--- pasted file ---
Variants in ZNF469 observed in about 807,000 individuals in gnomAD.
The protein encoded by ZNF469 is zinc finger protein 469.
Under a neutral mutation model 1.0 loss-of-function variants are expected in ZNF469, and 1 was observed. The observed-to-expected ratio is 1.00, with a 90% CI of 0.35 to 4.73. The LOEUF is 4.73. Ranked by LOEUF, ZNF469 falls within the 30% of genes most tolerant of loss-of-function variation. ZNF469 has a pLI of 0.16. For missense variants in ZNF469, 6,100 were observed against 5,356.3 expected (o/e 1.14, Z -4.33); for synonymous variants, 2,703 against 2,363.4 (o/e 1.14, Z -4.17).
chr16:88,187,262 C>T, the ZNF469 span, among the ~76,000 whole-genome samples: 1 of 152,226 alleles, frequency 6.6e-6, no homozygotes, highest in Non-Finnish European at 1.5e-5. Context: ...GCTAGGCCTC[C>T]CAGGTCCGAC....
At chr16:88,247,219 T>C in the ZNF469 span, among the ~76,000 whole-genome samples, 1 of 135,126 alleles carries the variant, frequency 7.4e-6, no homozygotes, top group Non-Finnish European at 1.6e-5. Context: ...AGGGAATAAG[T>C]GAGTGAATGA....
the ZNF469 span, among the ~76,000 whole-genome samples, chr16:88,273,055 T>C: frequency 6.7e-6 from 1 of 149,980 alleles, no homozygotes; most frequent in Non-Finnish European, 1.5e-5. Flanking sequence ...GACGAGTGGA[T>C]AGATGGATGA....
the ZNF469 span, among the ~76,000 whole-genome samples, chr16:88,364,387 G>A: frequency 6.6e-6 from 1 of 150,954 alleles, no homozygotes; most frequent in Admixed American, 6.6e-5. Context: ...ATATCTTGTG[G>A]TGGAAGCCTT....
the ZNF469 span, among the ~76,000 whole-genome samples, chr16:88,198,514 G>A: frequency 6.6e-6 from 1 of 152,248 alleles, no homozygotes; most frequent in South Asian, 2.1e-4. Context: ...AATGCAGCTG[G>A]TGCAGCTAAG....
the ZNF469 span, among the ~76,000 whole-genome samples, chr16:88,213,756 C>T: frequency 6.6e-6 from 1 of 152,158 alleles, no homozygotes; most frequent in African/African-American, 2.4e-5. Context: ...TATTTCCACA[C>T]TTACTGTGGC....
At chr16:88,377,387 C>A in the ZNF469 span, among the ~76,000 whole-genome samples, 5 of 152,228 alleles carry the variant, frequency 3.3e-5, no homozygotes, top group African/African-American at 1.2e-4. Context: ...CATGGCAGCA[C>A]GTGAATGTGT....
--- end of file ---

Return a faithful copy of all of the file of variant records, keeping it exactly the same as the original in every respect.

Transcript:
Variants in ZNF469 observed in about 807,000 individuals in gnomAD.
The protein encoded by ZNF469 is zinc finger protein 469.
Under a neutral mutation model 1.0 loss-of-function variants are expected in ZNF469, and 1 was observed. The observed-to-expected ratio is 1.00, with a 90% CI of 0.35 to 4.73. The LOEUF is 4.73. Ranked by LOEUF, ZNF469 falls within the 30% of genes most tolerant of loss-of-function variation. ZNF469 has a pLI of 0.16. For missense variants in ZNF469, 6,100 were observed against 5,356.3 expected (o/e 1.14, Z -4.33); for synonymous variants, 2,703 against 2,363.4 (o/e 1.14, Z -4.17).
chr16:88,187,262 C>T, the ZNF469 span, among the ~76,000 whole-genome samples: 1 of 152,226 alleles, frequency 6.6e-6, no homozygotes, highest in Non-Finnish European at 1.5e-5. Context: ...GCTAGGCCTC[C>T]CAGGTCCGAC....
At chr16:88,247,219 T>C in the ZNF469 span, among the ~76,000 whole-genome samples, 1 of 135,126 alleles carries the variant, frequency 7.4e-6, no homozygotes, top group Non-Finnish European at 1.6e-5. Context: ...AGGGAATAAG[T>C]GAGTGAATGA....
the ZNF469 span, among the ~76,000 whole-genome samples, chr16:88,273,055 T>C: frequency 6.7e-6 from 1 of 149,980 alleles, no homozygotes; most frequent in Non-Finnish European, 1.5e-5. Flanking sequence ...GACGAGTGGA[T>C]AGATGGATGA....
the ZNF469 span, among the ~76,000 whole-genome samples, chr16:88,364,387 G>A: frequency 6.6e-6 from 1 of 150,954 alleles, no homozygotes; most frequent in Admixed American, 6.6e-5. Context: ...ATATCTTGTG[G>A]TGGAAGCCTT....
the ZNF469 span, among the ~76,000 whole-genome samples, chr16:88,198,514 G>A: frequency 6.6e-6 from 1 of 152,248 alleles, no homozygotes; most frequent in South Asian, 2.1e-4. Context: ...AATGCAGCTG[G>A]TGCAGCTAAG....
the ZNF469 span, among the ~76,000 whole-genome samples, chr16:88,213,756 C>T: frequency 6.6e-6 from 1 of 152,158 alleles, no homozygotes; most frequent in African/African-American, 2.4e-5. Context: ...TATTTCCACA[C>T]TTACTGTGGC....
At chr16:88,377,387 C>A in the ZNF469 span, among the ~76,000 whole-genome samples, 5 of 152,228 alleles carry the variant, frequency 3.3e-5, no homozygotes, top group African/African-American at 1.2e-4. Context: ...CATGGCAGCA[C>A]GTGAATGTGT....